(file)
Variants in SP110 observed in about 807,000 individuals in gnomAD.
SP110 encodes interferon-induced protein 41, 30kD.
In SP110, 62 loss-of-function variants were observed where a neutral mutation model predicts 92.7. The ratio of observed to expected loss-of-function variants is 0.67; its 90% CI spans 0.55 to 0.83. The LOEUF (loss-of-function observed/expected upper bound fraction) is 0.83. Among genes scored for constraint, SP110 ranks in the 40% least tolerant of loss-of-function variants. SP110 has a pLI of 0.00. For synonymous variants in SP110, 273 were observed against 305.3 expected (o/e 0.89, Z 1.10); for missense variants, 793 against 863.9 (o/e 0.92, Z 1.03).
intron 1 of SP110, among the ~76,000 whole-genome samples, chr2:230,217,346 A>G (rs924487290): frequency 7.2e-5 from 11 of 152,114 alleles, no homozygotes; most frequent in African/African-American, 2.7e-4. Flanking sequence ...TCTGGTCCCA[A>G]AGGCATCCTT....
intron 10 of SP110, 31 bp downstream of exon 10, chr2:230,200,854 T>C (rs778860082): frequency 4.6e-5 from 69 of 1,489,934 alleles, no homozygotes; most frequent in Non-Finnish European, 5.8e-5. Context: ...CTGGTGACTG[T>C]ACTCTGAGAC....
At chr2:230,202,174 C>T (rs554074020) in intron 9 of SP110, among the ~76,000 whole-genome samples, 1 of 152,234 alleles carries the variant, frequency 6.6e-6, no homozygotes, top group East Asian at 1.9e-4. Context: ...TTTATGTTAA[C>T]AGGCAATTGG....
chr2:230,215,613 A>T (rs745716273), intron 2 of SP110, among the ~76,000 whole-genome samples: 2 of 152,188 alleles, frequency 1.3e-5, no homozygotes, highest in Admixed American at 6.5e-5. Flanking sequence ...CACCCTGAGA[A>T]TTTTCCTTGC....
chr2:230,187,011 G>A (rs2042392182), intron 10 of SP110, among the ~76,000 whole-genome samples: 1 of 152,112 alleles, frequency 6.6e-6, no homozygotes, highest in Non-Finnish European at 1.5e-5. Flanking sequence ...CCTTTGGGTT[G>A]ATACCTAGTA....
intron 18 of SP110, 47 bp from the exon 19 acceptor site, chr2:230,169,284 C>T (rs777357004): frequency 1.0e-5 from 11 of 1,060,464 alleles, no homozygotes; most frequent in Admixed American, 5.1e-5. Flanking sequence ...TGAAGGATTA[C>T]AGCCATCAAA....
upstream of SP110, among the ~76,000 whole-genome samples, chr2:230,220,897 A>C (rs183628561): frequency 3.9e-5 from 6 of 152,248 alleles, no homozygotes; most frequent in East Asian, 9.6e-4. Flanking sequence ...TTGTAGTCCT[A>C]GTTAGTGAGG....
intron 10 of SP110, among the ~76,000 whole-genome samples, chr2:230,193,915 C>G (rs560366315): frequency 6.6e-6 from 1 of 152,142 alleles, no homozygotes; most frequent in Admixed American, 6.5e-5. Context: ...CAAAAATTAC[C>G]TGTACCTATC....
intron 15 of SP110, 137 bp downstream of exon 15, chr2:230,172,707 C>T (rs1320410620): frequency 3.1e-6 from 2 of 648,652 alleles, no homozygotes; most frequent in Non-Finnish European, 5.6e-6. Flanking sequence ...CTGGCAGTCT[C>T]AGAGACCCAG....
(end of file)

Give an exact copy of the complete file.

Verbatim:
Variants in SP110 observed in about 807,000 individuals in gnomAD.
SP110 encodes interferon-induced protein 41, 30kD.
In SP110, 62 loss-of-function variants were observed where a neutral mutation model predicts 92.7. The ratio of observed to expected loss-of-function variants is 0.67; its 90% CI spans 0.55 to 0.83. The LOEUF (loss-of-function observed/expected upper bound fraction) is 0.83. Among genes scored for constraint, SP110 ranks in the 40% least tolerant of loss-of-function variants. SP110 has a pLI of 0.00. For synonymous variants in SP110, 273 were observed against 305.3 expected (o/e 0.89, Z 1.10); for missense variants, 793 against 863.9 (o/e 0.92, Z 1.03).
intron 1 of SP110, among the ~76,000 whole-genome samples, chr2:230,217,346 A>G (rs924487290): frequency 7.2e-5 from 11 of 152,114 alleles, no homozygotes; most frequent in African/African-American, 2.7e-4. Flanking sequence ...TCTGGTCCCA[A>G]AGGCATCCTT....
intron 10 of SP110, 31 bp downstream of exon 10, chr2:230,200,854 T>C (rs778860082): frequency 4.6e-5 from 69 of 1,489,934 alleles, no homozygotes; most frequent in Non-Finnish European, 5.8e-5. Context: ...CTGGTGACTG[T>C]ACTCTGAGAC....
At chr2:230,202,174 C>T (rs554074020) in intron 9 of SP110, among the ~76,000 whole-genome samples, 1 of 152,234 alleles carries the variant, frequency 6.6e-6, no homozygotes, top group East Asian at 1.9e-4. Context: ...TTTATGTTAA[C>T]AGGCAATTGG....
chr2:230,215,613 A>T (rs745716273), intron 2 of SP110, among the ~76,000 whole-genome samples: 2 of 152,188 alleles, frequency 1.3e-5, no homozygotes, highest in Admixed American at 6.5e-5. Flanking sequence ...CACCCTGAGA[A>T]TTTTCCTTGC....
chr2:230,187,011 G>A (rs2042392182), intron 10 of SP110, among the ~76,000 whole-genome samples: 1 of 152,112 alleles, frequency 6.6e-6, no homozygotes, highest in Non-Finnish European at 1.5e-5. Flanking sequence ...CCTTTGGGTT[G>A]ATACCTAGTA....
intron 18 of SP110, 47 bp from the exon 19 acceptor site, chr2:230,169,284 C>T (rs777357004): frequency 1.0e-5 from 11 of 1,060,464 alleles, no homozygotes; most frequent in Admixed American, 5.1e-5. Flanking sequence ...TGAAGGATTA[C>T]AGCCATCAAA....
upstream of SP110, among the ~76,000 whole-genome samples, chr2:230,220,897 A>C (rs183628561): frequency 3.9e-5 from 6 of 152,248 alleles, no homozygotes; most frequent in East Asian, 9.6e-4. Flanking sequence ...TTGTAGTCCT[A>C]GTTAGTGAGG....
intron 10 of SP110, among the ~76,000 whole-genome samples, chr2:230,193,915 C>G (rs560366315): frequency 6.6e-6 from 1 of 152,142 alleles, no homozygotes; most frequent in Admixed American, 6.5e-5. Context: ...CAAAAATTAC[C>G]TGTACCTATC....
intron 15 of SP110, 137 bp downstream of exon 15, chr2:230,172,707 C>T (rs1320410620): frequency 3.1e-6 from 2 of 648,652 alleles, no homozygotes; most frequent in Non-Finnish European, 5.6e-6. Flanking sequence ...CTGGCAGTCT[C>T]AGAGACCCAG....